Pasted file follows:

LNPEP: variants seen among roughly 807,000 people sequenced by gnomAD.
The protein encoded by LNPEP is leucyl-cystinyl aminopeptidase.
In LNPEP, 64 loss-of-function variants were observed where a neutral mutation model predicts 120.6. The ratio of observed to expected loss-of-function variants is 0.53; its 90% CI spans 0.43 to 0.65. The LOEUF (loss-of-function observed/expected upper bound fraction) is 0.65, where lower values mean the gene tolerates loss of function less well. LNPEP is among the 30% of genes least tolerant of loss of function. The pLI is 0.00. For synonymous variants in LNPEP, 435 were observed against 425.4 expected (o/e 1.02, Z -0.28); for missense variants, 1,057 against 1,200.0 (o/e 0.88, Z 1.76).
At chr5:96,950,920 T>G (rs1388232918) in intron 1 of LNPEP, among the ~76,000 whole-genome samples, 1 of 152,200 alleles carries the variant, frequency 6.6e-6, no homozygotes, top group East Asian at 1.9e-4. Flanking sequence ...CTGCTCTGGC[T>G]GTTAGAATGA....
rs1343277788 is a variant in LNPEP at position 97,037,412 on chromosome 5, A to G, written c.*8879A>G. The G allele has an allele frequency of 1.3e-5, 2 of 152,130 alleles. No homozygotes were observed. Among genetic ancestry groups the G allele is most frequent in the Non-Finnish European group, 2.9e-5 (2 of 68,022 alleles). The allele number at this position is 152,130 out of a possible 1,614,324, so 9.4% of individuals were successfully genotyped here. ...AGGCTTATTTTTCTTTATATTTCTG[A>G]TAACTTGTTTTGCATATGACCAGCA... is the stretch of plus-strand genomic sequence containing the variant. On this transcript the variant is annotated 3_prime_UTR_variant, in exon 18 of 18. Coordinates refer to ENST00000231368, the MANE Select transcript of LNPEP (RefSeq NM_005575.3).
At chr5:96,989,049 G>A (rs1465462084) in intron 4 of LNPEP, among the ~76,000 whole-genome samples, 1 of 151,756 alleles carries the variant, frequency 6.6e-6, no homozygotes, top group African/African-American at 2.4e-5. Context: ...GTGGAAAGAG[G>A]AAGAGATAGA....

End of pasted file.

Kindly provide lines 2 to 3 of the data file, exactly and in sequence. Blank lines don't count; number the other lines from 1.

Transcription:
The protein encoded by LNPEP is leucyl-cystinyl aminopeptidase.
In LNPEP, 64 loss-of-function variants were observed where a neutral mutation model predicts 120.6. The ratio of observed to expected loss-of-function variants is 0.53; its 90% CI spans 0.43 to 0.65. The LOEUF (loss-of-function observed/expected upper bound fraction) is 0.65, where lower values mean the gene tolerates loss of function less well. LNPEP is among the 30% of genes least tolerant of loss of function. The pLI is 0.00. For synonymous variants in LNPEP, 435 were observed against 425.4 expected (o/e 1.02, Z -0.28); for missense variants, 1,057 against 1,200.0 (o/e 0.88, Z 1.76).